WASHINGTON - Mitt Romney clinched the Republican presidential nomination Tuesday with a win in the Texas primary, a triumph of endurance for a candidate who fought hard to win over skeptical conservative voters he must now fire up for the campaign against President Barack Obama.
According to the Associated Press count, Romney surpassed the 1,144 delegates needed to win the nomination by winning at least 97 delegates in the Texas primary.
Romney, who came up short in the Republican presidential race four years ago, outlasted a carousel of Republican rivals who dropped out of the state-by-state primary contest. None of his former rivals actively campaigned in Texas.
The former Massachusetts governor has reached the nomination milestone with a steady message of concern about the U.S. economy, a campaign organization that dwarfed those of his Republican foes and a fundraising operation second only to that of Obama, his Democratic opponent in the general election.
Romney would be the first Mormon to be nominated for president by a major party. His religion has been less of an issue than it was during his failed bid four years ago.
Romney must now energize conservatives who still doubt him, while persuading undecided voters that he can do a better job fixing the nation's struggling economy than Obama.
"We did it!" Romney proclaimed in a message to supporters, noting that "it's only the beginning."
"An honour and a privilege and a great responsibility," Romney told supporters at a fundraiser in Las Vegas. "And I know the road to 1,144 was long and hard, but I also know that the road to 11-06 — Nov. 6th — is also going to be long and it's going to be hard and it's going to be worth it because we're going to take back the White House and get America right again."
In Obama, he will face a well-funded candidate with a proven campaign team in an election that will be heavily influenced by the economy.
Romney's campaign went on the attack over the economy Tuesday, releasing a Web video citing the Obama administration's loan-guarantee investments in four renewable-energy firms that lost money and laid off workers.
The message — "President Obama is fundamentally hostile to job creators" — has been a theme of the Romney campaign since he launched his presidential bid.
"We need to have presidents who understand how this economy works," Romney told reporters Tuesday. "Sometimes I just don't think he understands what it takes to help people. I know he wants to help, but he doesn't know what he's got to do."
Romney's message and his big day, however, were somewhat overshadowed by celebrity real estate mogul Donald Trump and his discredited suggestions that Obama wasn't born in the United States.
Romney spent Tuesday evening at a Las Vegas fundraiser with Trump, who had toyed with the idea of running for president. Romney says he believes Obama was born in America but has yet to condemn Trump's repeated insinuations to the contrary.
The Obama campaign released a video Tuesday criticizing Romney's unwillingness to stand up to Trump and the more extreme elements in his party.
"If Mitt Romney lacks the backbone to stand up to a charlatan like Donald Trump because he's so concerned about lining his campaign's pockets, what does that say about the kind of president he would be?" Obama's deputy campaign manager, Stephanie Cutter, said in a statement.
Both Trump and Romney steered clear of the issue at Tuesday's fundraiser. Asked Monday about Trump's contentions, Romney said: "I don't agree with all the people who support me. And my guess is they don't all agree with everything I believe in." He added: "But I need to get 50.1 per cent or more. And I'm appreciative to have the help of a lot of good people."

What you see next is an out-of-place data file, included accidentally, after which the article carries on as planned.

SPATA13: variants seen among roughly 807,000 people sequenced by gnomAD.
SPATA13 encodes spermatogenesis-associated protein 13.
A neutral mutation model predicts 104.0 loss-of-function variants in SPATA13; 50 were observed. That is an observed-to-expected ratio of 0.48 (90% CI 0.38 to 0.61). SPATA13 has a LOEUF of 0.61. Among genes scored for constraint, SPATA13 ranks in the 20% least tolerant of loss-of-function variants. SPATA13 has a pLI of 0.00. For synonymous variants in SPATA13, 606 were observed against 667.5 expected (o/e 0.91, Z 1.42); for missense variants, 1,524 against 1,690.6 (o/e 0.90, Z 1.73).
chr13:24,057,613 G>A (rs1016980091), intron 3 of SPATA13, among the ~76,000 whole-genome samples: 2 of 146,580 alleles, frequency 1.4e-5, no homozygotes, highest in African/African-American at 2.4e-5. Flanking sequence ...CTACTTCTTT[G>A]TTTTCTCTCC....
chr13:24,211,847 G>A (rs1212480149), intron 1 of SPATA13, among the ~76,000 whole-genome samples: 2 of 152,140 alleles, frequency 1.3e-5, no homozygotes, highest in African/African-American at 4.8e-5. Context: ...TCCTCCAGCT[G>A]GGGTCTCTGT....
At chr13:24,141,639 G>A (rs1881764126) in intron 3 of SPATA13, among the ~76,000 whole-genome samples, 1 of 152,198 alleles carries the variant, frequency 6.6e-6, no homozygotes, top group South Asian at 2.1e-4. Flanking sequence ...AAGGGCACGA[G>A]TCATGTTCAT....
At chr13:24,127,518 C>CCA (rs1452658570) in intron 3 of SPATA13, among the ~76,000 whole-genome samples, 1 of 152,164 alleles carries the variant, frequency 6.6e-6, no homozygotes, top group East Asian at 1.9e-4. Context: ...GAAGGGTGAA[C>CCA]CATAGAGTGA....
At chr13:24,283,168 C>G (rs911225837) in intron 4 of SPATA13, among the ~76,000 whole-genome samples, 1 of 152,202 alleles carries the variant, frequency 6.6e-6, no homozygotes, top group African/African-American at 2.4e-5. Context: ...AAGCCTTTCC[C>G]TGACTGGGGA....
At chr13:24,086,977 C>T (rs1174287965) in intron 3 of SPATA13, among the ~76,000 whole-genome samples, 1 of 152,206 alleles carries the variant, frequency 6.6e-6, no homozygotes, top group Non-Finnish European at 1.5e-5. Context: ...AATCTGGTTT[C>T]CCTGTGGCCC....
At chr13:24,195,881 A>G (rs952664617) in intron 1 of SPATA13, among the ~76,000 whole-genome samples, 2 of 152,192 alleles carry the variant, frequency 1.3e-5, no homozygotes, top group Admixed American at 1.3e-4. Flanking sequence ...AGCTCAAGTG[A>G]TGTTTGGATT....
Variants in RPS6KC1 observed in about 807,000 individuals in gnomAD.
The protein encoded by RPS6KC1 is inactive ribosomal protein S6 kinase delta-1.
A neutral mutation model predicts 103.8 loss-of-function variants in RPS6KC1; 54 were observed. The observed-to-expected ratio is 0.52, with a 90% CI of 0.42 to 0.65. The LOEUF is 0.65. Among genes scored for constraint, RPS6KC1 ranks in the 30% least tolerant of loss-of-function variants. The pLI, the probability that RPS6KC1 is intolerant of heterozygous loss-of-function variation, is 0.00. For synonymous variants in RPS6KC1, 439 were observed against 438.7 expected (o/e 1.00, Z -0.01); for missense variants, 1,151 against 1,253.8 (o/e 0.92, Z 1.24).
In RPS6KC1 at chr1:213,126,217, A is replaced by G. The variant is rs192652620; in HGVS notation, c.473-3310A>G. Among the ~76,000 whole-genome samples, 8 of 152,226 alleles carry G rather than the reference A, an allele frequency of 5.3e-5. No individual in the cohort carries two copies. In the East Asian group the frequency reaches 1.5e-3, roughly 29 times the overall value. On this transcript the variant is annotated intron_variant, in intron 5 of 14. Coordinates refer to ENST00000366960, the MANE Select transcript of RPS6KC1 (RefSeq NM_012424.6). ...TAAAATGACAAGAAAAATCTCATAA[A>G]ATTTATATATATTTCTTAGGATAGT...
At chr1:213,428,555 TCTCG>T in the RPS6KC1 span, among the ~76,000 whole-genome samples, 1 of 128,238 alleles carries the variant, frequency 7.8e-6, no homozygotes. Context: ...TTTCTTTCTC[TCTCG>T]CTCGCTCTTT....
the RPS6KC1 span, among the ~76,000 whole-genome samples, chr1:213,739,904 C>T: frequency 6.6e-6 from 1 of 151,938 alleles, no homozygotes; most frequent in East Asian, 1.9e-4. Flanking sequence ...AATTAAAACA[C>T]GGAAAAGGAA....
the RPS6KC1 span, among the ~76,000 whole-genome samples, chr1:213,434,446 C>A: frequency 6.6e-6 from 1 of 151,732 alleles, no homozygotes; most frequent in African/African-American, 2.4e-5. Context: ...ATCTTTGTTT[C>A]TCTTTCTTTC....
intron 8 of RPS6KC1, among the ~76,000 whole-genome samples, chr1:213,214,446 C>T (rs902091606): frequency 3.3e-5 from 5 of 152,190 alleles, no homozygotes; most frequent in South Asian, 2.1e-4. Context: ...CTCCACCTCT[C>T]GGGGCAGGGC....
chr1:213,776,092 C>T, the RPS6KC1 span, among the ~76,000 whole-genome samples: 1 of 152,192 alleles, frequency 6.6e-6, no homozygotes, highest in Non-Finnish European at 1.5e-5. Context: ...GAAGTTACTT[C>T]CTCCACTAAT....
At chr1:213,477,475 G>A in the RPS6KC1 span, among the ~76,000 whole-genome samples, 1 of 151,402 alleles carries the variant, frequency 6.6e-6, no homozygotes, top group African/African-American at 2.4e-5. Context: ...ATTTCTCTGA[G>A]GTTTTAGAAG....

Republicans won't officially nominate Romney until late August at the Republican National Convention in Tampa, Florida. Romney has 1,183 convention delegates.
He won at least 97 delegates in Texas with 33 left to be decided. The 152 delegates in Texas are awarded in proportion to the statewide vote. The other delegates were sprinkled among several candidates.
Texas Republicans also voted in a Senate primary to choose a candidate to run for the seat being vacated by Republican Sen. Kay Bailey Hutchison. The party establishment choice, Lt. Gov. David Dewhurst, and state Solicitor General Ted Cruz, supported by the small government, anti-tax tea party movement, were headed to a runoff in July.
With about three-fourths of precincts reporting, Dewhurst led with 45 per cent of the vote compared to 33 per cent for Cruz. Dewhurst, however, fell short of the majority he needed to avoid a runoff. The nominee will be strongly favoured to win in November in heavily Republican Texas.
Romney, 65, is clinching the presidential nomination later in the calendar than any recent Republican candidate — but not quite as late as Obama in 2008. Obama clinched the Democratic nomination on June 3, 2008, at the end of an epic primary battle with Hillary Rodham Clinton. Four years ago, John McCain reached the threshold on March 4, after Romney had dropped out of the race about a month earlier.
Several other Republican contenders — including Newt Gingrich, a former speaker of the U.S. House of Representatives, and Rick Santorum, former U.S. Senator from Pennsylvania — earlier dropped out of the race as Romney's well-financed campaign gained momentum.
Romney has been in general-election mode for weeks, raising money and focusing on Obama, largely ignoring the primaries since his competitors dropped out or stopped campaigning.
Libertarian-leaning Texas Rep. Ron Paul said on May 14 he would no longer compete in primaries, though his supporters are still working to gain national delegates at state conventions.
Associated Press writers Steve Peoples in Las Vegas and Stephen Ohlemacher in Washington contributed to this report.